What is contrast ratio? It is the ratio of the bright level to the black level. Pretty simple. But it really isn’t. Wikipedia defines contrast ratio as: “the ratio of the luminance of the brightest color (white) to that of the darkest color (black) that the system is capable of producing.” According to an article by David Katzmaier at crave, the contrast ratio specification is “probably the most misused, inflated, and ultimately misleading specification used to describe HDTVs today.” Let’s see what’s up.
In general, a higher contrast ratio means better quality images on your TV. A higher contrast ratio can be achieved by doing one of three things: make blacks darker, make whites brighter, or do both. For years and prior to Pioneer‘s KURO technology, FPD (flat panel display) manufacturers have tried to improve contrast ratio by making it brighter. This is pretty easy to do: shove in more CCFLs and you get brigther screens. What Pioneer did with its KURO technology was to make blacks really dark. Tests, testimonials, reviews, previews, etc. have all shown that the KURO technology is the one to beat. Pioneer doesn’t even state a contrast ratio specification because the company says it is impossible to measure.
Speaking of measuring contrast ratio there is no standard method. Companies are left to their own devices to measure contrast ratio:
- Full-white screen versus a full-black screen.
- Focus all wattage to a single pixel to measure white.
- Turn the display completely off to measure black.
- Pull something out of your butt.
But there is one method that could become the standard way of measuring contrast ratio: ANSI contrast ratio measurement. The ANSI method uses a checkerboard of eight white and eight black rectangles and averages the brightness of the white and black rectangles. The ratio between the two averages become the contrast ratio: nice and simple. So why don’t the TV folks use the ANSI method of determining contrast ratio? Probably because the numbers will be so miniscule. Miniscule = Not good for marketing. Marketing wants MILLION to one or TWO million to one. Not small; BIG.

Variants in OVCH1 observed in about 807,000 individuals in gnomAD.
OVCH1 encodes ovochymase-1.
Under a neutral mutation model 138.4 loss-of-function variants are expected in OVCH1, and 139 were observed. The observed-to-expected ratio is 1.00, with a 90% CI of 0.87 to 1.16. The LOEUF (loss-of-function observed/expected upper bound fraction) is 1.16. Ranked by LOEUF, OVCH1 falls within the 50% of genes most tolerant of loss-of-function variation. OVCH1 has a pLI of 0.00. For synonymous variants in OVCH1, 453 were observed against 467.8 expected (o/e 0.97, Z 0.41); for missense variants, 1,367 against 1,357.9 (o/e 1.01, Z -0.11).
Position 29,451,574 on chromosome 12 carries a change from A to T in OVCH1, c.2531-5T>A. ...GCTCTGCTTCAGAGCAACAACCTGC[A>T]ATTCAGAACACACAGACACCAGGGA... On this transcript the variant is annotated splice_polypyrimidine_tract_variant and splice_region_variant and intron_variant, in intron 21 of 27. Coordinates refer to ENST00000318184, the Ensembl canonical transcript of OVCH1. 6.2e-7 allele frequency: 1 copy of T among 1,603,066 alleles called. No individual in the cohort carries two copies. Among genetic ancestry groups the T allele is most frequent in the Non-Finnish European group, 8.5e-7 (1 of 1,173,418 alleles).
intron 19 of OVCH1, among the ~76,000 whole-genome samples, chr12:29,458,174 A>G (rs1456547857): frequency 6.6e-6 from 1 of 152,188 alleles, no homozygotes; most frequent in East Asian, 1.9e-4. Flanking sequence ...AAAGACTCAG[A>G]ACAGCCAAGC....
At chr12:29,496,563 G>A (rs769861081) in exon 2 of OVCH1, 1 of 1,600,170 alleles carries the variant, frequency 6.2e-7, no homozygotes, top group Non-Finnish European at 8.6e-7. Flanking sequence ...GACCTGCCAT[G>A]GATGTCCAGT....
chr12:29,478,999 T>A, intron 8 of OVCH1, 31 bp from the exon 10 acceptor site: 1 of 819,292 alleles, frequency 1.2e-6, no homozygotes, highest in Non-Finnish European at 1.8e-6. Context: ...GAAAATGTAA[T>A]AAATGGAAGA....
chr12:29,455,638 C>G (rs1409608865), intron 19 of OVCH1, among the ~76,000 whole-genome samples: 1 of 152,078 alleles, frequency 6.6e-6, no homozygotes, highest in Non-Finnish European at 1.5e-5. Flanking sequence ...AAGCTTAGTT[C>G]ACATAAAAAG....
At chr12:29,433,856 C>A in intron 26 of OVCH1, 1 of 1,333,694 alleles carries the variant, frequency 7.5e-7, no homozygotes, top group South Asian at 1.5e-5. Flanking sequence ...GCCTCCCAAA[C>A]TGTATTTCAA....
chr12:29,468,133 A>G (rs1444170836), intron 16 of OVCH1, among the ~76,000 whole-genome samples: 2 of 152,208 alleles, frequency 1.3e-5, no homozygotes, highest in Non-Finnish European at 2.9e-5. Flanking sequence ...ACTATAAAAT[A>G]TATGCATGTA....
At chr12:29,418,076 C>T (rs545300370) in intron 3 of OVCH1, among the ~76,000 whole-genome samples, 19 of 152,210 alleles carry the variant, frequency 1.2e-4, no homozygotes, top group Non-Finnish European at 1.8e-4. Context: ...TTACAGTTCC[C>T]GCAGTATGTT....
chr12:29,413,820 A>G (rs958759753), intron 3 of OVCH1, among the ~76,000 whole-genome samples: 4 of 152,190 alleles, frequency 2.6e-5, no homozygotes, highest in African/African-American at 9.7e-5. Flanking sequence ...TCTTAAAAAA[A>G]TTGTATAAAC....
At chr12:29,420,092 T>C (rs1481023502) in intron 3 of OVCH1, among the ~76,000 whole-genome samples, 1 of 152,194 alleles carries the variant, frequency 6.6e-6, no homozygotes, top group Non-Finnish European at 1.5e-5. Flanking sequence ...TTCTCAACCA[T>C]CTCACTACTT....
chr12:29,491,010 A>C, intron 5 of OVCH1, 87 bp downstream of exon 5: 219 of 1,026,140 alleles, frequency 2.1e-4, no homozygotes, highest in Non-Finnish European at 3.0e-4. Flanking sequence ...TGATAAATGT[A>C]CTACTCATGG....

I say TV manufacturers be strongly urged by the US government to use a standard method of measuring contrast ratio (e.g. ANSI). Consumers are confused by these numbers and are in some cases duped into thinking that one TV is better than another because of the specification. Although I will continue to put contrast ratio specifications make sure to remember that those numbers don’t mean as much as you think.
There are many articles on contrast ratio and here are some that you might enjoy:
- The Contrast Ratio Game: Playing with NumbersÂ [Practical Home Theater Guide]
- What Does Contrast Ratio Really Mean?Â [Yahoo! Tech}
- Contrast Ratio–Should Manufacturers Agree on a MeasurementÂ [Twice]
- Spec Wars: Contrast Ratio Shoot-Out (Everyone Loses) [Gizmodo]
- Contrast Ratio: Are Manufacturer’s Specs Important? [LCD TV Buying Guide]